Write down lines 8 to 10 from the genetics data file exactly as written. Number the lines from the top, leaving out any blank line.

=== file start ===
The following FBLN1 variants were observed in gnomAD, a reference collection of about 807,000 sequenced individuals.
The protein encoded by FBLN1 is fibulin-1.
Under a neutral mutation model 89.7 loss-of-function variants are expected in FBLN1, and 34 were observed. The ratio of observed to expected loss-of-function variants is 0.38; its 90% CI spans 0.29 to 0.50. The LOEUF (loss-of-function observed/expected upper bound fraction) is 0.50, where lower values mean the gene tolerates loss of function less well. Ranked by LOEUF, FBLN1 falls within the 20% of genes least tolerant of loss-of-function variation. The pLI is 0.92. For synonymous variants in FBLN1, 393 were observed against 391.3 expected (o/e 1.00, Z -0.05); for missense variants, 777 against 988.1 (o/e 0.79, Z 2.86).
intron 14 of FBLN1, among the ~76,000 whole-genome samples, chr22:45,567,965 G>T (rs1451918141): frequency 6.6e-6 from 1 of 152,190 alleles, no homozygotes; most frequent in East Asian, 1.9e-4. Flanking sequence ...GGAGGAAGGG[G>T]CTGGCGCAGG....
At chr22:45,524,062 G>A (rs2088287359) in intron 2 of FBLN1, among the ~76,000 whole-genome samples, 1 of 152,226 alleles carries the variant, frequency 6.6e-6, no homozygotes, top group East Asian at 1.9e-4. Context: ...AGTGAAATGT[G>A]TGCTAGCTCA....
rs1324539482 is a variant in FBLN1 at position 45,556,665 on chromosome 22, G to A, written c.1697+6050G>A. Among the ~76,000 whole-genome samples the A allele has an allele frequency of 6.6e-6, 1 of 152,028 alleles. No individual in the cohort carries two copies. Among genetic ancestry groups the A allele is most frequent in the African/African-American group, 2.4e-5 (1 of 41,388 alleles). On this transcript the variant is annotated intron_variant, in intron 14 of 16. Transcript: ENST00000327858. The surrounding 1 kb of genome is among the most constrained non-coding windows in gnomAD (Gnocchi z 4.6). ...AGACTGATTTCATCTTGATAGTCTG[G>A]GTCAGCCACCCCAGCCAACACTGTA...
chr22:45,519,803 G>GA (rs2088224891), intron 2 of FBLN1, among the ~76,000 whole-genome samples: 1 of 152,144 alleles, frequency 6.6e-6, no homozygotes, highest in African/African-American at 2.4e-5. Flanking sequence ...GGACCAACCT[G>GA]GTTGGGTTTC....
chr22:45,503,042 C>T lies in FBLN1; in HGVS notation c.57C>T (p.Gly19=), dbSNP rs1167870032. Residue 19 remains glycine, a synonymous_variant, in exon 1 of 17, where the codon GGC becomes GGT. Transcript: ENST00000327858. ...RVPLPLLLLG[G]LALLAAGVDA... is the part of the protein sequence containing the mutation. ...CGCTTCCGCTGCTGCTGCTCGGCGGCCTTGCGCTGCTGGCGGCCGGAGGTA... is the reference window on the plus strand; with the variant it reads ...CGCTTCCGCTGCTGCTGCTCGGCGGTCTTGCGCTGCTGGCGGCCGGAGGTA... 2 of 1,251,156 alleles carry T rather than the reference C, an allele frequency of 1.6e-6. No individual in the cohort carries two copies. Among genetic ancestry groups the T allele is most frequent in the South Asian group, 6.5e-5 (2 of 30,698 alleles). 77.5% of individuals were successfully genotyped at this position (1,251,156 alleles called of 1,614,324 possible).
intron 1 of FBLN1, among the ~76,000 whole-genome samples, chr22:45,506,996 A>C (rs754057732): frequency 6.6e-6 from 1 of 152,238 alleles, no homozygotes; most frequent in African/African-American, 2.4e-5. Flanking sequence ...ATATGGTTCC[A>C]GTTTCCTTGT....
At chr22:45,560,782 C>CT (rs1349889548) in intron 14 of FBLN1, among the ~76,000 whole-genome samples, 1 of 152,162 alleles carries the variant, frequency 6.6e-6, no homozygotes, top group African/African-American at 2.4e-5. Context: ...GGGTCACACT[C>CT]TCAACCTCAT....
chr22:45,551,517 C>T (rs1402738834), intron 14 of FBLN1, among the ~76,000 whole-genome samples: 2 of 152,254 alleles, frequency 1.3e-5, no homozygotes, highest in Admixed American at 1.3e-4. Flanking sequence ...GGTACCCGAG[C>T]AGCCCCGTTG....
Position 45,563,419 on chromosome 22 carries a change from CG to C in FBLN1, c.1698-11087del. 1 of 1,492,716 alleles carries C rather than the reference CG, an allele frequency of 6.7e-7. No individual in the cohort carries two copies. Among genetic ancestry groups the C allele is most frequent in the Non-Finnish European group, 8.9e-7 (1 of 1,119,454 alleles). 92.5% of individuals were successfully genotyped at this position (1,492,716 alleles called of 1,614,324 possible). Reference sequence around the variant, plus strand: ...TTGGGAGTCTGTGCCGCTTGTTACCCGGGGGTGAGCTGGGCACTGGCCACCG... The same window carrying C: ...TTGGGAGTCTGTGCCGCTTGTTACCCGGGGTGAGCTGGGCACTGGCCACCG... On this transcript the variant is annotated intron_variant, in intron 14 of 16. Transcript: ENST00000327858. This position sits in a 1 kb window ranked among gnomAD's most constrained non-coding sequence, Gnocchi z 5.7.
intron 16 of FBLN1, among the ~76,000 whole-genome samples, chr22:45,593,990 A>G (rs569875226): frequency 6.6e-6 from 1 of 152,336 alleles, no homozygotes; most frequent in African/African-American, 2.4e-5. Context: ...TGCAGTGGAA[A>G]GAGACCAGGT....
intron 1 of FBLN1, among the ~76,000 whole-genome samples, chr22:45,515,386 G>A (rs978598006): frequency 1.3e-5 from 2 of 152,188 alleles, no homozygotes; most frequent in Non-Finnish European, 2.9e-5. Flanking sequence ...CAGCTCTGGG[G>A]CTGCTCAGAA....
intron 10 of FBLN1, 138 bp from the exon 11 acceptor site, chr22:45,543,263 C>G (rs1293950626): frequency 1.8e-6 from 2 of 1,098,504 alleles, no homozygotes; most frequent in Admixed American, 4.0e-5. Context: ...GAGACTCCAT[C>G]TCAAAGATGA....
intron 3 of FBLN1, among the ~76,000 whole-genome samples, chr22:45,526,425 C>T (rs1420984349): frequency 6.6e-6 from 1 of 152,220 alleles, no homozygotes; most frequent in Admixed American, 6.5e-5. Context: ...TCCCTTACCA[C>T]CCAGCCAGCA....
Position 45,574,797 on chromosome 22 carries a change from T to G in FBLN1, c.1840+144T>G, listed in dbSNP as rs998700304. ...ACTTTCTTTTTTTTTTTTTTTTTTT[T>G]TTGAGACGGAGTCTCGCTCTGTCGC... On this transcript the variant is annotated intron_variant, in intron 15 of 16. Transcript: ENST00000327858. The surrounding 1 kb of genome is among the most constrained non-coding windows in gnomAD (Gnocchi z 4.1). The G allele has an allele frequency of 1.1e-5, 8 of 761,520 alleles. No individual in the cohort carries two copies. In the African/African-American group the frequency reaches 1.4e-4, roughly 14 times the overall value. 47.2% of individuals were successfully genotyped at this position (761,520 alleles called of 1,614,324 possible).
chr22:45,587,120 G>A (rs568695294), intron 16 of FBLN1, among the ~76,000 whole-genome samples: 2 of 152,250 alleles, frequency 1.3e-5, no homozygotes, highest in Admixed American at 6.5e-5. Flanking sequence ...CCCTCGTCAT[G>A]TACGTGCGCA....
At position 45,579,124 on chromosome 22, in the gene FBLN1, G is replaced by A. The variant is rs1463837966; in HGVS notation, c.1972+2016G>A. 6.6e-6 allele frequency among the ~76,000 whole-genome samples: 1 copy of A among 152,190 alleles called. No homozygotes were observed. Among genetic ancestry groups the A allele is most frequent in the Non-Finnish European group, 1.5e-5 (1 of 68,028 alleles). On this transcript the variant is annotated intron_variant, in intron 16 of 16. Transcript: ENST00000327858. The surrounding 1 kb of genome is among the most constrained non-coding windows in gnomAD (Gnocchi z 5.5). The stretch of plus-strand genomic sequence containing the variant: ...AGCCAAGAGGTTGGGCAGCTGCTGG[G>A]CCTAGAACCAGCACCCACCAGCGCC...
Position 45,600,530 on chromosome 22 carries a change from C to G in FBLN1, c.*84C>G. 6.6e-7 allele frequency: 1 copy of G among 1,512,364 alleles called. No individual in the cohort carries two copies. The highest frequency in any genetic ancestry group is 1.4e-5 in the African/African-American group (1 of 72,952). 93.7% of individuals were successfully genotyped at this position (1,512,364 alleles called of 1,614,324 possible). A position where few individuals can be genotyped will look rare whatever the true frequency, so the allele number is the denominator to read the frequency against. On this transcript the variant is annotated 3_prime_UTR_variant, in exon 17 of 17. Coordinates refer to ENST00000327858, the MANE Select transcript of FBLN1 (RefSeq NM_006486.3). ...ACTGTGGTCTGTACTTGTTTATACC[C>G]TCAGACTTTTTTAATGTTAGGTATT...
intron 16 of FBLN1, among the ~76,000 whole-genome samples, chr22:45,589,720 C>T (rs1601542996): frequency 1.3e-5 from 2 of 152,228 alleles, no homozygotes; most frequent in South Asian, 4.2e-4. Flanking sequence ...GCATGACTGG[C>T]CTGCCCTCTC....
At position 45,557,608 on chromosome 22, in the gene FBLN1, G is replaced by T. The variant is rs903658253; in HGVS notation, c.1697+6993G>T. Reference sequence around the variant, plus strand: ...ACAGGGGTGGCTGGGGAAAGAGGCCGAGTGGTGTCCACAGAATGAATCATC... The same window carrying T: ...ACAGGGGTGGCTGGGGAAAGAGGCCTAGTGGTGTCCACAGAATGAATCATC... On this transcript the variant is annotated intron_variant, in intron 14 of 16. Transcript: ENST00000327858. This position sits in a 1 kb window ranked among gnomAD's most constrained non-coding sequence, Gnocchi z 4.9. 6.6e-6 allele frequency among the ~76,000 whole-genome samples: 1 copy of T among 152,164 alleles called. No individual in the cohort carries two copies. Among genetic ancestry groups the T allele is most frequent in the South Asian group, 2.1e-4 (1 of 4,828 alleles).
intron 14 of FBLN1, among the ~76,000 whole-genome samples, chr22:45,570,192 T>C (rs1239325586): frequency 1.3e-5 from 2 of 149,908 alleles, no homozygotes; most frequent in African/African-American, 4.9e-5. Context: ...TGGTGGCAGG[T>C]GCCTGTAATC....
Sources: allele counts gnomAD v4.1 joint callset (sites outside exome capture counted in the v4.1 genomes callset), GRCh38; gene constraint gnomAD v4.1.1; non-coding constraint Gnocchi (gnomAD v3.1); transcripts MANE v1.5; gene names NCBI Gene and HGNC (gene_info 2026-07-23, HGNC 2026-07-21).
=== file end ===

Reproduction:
chr22:45,503,042 C>T lies in FBLN1; in HGVS notation c.57C>T (p.Gly19=), dbSNP rs1167870032. Residue 19 remains glycine, a synonymous_variant, in exon 1 of 17, where the codon GGC becomes GGT. Transcript: ENST00000327858. ...RVPLPLLLLG[G]LALLAAGVDA... is the part of the protein sequence containing the mutation. ...CGCTTCCGCTGCTGCTGCTCGGCGGCCTTGCGCTGCTGGCGGCCGGAGGTA... is the reference window on the plus strand; with the variant it reads ...CGCTTCCGCTGCTGCTGCTCGGCGGTCTTGCGCTGCTGGCGGCCGGAGGTA... 2 of 1,251,156 alleles carry T rather than the reference C, an allele frequency of 1.6e-6. No individual in the cohort carries two copies. Among genetic ancestry groups the T allele is most frequent in the South Asian group, 6.5e-5 (2 of 30,698 alleles). 77.5% of individuals were successfully genotyped at this position (1,251,156 alleles called of 1,614,324 possible).
intron 1 of FBLN1, among the ~76,000 whole-genome samples, chr22:45,506,996 A>C (rs754057732): frequency 6.6e-6 from 1 of 152,238 alleles, no homozygotes; most frequent in African/African-American, 2.4e-5. Flanking sequence ...ATATGGTTCC[A>C]GTTTCCTTGT....
At chr22:45,560,782 C>CT (rs1349889548) in intron 14 of FBLN1, among the ~76,000 whole-genome samples, 1 of 152,162 alleles carries the variant, frequency 6.6e-6, no homozygotes, top group African/African-American at 2.4e-5. Context: ...GGGTCACACT[C>CT]TCAACCTCAT....